For this, we consider the widely-used model of managers’ incentives in the related literature, the maximization of expected utility on the surplus between the terminal wealth and the pension liability (see, among others,
Giacinto et al. (
2011),
Sundaresan and Zapatero (
1997) and
Wang et al. (
2018)). Formally, the optimal investment strategy solves the following problem:
where
U is a strictly concave and increasing function,
${P}_{N}$ is given in (
1) and
${X}_{N}$ is the value of the fund’s portfolio at the retirement time. Therefore, we have an expected utility maximization problem in an incomplete, discrete-time and -space market model with random endowment and random liability.
Our goal is neither the study of the properties of the utility maximization nor the quantitative comparison of the induced investment strategies with the super-hedging one. Instead, we want to examine how the asset managers’ objectives could induce a totally different investment strategy than the one that could vanish the pension fund’s risk (in cases of sufficient capital). For that exercise in our trinomial model, we consider CRRA and CARA utility functions and a widely-used time-inconsistent setting.
We set
$\mathbb{P}=({p}_{u},{p}_{m},1-{p}_{u}-{p}_{m})$ as the
subjective probability measure of the asset manager, where
${p}_{u}$ is the probability of the good state,
${p}_{m}$ the probability of the medium state, and hence
${p}_{d}=1-{p}_{u}-{p}_{m}$ of the bad state. All the expectations (and other moments) are taken under measure
$\mathbb{P}$, except from the cases where another measure is specifically stated. If
${\Delta}_{t}$ denotes the amount of risky assets held at period
$[t,t+1)$, for each
$t\in T\backslash N$, the wealth process takes the following form:
We initially consider time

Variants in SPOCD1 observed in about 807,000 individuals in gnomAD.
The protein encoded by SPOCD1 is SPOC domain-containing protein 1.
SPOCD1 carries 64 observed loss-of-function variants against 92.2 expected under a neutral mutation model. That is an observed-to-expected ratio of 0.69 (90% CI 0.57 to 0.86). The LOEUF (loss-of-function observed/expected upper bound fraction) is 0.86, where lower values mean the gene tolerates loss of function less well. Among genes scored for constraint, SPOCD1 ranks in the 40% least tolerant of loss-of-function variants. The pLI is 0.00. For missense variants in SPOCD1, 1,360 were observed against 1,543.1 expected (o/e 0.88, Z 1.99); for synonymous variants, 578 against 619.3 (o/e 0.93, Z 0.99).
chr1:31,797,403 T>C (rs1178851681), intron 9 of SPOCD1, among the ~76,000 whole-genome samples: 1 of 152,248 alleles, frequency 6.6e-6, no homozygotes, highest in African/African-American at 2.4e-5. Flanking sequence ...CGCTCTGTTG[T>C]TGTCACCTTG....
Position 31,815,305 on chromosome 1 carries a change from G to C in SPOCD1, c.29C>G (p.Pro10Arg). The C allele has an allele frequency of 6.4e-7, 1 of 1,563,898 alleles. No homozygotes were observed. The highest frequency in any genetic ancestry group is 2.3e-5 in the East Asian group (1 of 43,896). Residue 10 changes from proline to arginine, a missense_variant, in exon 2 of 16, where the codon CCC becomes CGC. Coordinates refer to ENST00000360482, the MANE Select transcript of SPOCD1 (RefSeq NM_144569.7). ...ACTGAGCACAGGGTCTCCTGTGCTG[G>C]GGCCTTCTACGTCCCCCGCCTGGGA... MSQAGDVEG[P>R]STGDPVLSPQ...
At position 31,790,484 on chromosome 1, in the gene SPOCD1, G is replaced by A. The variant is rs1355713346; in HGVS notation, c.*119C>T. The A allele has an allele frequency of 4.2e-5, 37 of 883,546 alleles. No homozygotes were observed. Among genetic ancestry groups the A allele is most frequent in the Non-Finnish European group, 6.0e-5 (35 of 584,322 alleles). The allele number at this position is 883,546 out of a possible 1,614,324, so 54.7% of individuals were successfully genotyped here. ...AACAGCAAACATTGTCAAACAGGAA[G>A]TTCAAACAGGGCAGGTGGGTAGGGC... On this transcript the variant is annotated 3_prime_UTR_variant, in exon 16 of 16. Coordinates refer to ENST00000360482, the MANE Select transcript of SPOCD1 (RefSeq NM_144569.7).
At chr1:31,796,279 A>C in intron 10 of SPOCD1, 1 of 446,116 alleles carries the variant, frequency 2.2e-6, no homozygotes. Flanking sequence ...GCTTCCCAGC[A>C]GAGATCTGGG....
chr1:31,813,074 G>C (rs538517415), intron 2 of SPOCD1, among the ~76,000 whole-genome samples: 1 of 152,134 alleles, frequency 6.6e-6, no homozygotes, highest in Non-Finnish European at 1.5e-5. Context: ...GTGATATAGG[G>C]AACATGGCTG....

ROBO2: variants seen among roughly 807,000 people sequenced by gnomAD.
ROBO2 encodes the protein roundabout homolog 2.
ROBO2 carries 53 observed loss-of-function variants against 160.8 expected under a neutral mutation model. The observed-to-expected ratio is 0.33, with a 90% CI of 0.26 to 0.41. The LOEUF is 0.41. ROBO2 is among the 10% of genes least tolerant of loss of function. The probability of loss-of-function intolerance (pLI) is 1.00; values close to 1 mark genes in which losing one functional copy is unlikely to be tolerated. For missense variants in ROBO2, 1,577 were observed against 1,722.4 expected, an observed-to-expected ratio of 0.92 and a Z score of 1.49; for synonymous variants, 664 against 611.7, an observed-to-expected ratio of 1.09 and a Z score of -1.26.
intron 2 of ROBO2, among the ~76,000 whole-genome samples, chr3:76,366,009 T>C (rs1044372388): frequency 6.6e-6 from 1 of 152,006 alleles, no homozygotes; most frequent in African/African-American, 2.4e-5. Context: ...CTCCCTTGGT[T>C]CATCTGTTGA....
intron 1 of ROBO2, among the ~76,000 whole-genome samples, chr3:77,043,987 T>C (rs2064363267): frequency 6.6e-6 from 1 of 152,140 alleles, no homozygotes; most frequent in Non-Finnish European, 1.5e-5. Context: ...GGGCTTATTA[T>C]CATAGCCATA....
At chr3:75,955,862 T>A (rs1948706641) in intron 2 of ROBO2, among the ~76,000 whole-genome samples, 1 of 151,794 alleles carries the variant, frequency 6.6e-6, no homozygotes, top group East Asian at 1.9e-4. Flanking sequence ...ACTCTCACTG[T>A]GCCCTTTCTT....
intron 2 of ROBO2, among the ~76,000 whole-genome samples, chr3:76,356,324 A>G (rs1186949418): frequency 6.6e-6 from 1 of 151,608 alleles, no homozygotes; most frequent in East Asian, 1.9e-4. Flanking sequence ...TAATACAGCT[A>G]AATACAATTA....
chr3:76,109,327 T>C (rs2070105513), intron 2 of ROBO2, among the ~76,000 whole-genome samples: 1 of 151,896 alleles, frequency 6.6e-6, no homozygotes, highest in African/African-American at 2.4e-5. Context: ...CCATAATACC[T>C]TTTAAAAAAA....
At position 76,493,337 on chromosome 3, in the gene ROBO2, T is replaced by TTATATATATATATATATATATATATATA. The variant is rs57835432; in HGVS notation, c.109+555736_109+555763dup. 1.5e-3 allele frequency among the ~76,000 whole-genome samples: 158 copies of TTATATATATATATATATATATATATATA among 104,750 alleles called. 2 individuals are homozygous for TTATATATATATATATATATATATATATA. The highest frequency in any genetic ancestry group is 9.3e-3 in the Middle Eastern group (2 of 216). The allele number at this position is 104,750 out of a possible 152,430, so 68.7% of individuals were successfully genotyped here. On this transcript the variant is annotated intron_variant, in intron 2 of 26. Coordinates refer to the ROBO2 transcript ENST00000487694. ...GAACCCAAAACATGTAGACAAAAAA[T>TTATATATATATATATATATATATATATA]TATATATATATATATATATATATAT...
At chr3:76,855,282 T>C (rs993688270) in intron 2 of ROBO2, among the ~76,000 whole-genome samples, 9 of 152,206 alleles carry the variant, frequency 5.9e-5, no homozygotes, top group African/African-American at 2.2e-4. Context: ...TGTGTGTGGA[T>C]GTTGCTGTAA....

$N-1$ and the last step of the problem:
where
${\left\{{\mathcal{F}}_{n}\right\}}_{n\in T}$ stands for the filtration generated by the risky asset (or equivalently by the wage process). Essentially, this is a static problem and due to the strict concavity of
U, it admits a unique solution
${\widehat{\Delta}}_{N-1}$.
9 Formally, the optimal investment strategy is determined by the dynamic programming principle, according to which the investment goal at each point in time is the value function (i.e., the maximized expected utility of the latest step). We follow, however, a different approach for two main reasons: first, the utility maximization problem in incomplete markets with random liability and random income does not admit a closed-form expression for the investment strategy process and hence, it could not be used for our study herein; and second, it seems that in practice, asset managers do not consider the time consistency as a priority issue and such inconsistency is also quite usually imposed in the literature (
Campbell and Viceira 2002;
Grenadier and Wang 2007;
Marín-Solano and Navas 2010;
Tian 2016).
This approach is consistent with the practical applications (see
Zhao et al. 2016), where the portfolio optimization is normally time-inconsistent in the sense that the asset managers take into account the liability in a simpler/myopic way. In addition, in contrast to the optimal strategy, our sub-optimal one admits a closed-form expression. More precisely, besides the last step, for every time
$t\in \{0,1,\dots ,N-2\}$, the investment goal within the period
$[t,t+1)$ is the optimization
where